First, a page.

Leonardo"s Notebook by Mattheus Mei

I have been impressed with the urgency of doing. Knowing is not enough; we must apply. Being willing is not enough; we must do.

Wednesday, July 30, 2008

More Hope in the fight against HIV

Even as the number of HIV cases rises in the south and in our state, especially in rural areas among the African American Population, one Houston Scientist declares that a probable hurdle has just been leaped in efforts to combat the disease.

Sudhir Paul, Ph.D.
of the UT-Houston Medical School has announced that an amino acid sectional of the virus' protein envelope (gp120), AA421-433, has been determined to be the "Achilles heel" of the virus. This particular section of protein and strand of amino acids do not mutate as the rest of the virus does because it's through this particular structure that the virus attaches itself to the host cell in order to infect. Dr. Paul from Science Daily,

Unlike the changeable regions of its envelope, HIV needs at least one region that must remain constant to attach to cells. If this region changes, HIV cannot infect cells. Equally important, HIV does not want this constant region to provoke the body’s defense system. So, HIV uses the same constant cellular attachment site to silence B lymphocytes - the antibody producing cells. The result is that the body is fooled into making abundant antibodies to the changeable regions of HIV but not to its cellular attachment site. Immunologists call such regions super antigens. HIV’s cleverness is unmatched. No other virus uses this trick to evade the body’s defenses.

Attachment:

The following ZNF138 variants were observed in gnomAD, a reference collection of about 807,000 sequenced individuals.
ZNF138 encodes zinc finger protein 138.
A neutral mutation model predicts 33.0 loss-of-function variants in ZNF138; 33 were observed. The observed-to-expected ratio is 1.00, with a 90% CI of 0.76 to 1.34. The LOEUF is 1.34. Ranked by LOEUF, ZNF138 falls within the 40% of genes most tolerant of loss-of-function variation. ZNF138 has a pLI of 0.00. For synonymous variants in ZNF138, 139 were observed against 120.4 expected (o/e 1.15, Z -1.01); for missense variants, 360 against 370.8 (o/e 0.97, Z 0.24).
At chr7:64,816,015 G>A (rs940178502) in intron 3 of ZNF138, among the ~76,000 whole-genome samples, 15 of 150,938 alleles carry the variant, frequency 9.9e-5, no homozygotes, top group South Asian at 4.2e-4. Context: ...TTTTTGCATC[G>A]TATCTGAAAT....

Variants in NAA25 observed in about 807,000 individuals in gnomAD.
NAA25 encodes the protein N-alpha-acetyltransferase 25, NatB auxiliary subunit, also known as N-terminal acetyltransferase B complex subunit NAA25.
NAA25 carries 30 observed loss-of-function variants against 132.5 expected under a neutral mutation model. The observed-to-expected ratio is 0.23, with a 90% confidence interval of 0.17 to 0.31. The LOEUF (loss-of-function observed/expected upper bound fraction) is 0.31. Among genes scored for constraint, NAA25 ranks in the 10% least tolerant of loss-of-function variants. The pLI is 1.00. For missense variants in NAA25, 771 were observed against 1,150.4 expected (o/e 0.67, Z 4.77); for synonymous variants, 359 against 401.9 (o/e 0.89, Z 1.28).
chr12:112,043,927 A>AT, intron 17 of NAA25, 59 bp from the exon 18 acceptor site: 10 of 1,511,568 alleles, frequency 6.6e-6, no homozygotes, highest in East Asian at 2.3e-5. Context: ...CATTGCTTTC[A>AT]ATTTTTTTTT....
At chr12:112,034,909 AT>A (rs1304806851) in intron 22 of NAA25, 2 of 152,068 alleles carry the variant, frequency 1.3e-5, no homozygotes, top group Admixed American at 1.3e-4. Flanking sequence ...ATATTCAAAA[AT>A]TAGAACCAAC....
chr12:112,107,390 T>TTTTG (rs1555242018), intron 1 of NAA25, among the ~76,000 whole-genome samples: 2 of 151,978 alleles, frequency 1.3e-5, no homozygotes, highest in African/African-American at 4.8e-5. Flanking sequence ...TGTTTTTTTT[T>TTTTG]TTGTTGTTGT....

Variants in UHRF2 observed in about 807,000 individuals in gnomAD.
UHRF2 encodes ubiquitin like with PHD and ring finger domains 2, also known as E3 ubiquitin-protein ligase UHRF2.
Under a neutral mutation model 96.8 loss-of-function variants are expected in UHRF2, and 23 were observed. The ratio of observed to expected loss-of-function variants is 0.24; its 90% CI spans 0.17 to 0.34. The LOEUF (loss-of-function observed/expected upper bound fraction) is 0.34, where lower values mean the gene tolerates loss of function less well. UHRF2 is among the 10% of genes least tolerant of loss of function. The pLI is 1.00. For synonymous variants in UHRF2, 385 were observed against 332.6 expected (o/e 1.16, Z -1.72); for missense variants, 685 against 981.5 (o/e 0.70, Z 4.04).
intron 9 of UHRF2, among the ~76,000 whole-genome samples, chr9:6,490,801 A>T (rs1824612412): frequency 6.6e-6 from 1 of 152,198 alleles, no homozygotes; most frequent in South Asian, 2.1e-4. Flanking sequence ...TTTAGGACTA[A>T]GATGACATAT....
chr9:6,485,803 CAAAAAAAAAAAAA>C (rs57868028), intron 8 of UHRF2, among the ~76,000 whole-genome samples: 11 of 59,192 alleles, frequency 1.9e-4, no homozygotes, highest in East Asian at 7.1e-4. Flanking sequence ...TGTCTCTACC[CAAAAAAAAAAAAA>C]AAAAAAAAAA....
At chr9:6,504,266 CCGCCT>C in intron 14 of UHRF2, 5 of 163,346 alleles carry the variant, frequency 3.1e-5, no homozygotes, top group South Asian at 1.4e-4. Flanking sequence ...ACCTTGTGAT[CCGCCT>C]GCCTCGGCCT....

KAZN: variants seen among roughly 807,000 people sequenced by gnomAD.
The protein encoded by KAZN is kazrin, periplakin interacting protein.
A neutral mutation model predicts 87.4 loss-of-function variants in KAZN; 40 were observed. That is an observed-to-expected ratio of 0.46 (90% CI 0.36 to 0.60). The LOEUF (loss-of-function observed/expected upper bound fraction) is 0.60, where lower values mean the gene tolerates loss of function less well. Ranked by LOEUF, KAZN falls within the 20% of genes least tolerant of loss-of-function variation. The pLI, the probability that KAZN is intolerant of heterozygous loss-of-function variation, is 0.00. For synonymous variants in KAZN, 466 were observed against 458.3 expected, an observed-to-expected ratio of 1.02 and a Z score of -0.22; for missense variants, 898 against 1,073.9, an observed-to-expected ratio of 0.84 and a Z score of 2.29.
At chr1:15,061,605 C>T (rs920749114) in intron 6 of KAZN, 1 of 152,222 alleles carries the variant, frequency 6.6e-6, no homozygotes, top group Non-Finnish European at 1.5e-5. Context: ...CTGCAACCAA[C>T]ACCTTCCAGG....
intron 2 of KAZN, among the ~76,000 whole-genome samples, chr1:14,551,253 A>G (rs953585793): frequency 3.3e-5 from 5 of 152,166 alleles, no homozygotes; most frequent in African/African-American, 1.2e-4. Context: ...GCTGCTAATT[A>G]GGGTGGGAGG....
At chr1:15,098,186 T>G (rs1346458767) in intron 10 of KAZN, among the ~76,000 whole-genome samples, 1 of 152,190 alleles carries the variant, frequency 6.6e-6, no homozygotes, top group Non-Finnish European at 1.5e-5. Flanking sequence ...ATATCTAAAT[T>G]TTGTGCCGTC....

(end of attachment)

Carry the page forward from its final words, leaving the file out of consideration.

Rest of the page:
The doctor has found a way to neutralize that particular patch of protein using an abzyme. A bold new discovery but one that blogger Dan Savage reminds us to remain cautionary about, considering our efforts thus far, including one vaccine that ended as a bust. His more sobering prescription for our society is hindsight:

We’ve been down this road before—Achilles’ heels located, targeted, hopes raised, and then… back to the ol’ drawing boards. These researchers say they’re at least five years away from any treatment for people with HIV, so let’s not go out and stick our asses in the air just yet, boys, okay? And remember: Even if we do one day have a vaccine or an effective treatment for HIV, recreating the gay communal-sewer sex culture of the ’70s is a Very Bad Idea. One important lesson—one of the top lessons—of the AIDS epidemic is this: Given the right conditions, new sexually transmitted infections can emerge and kill you and all your friends.

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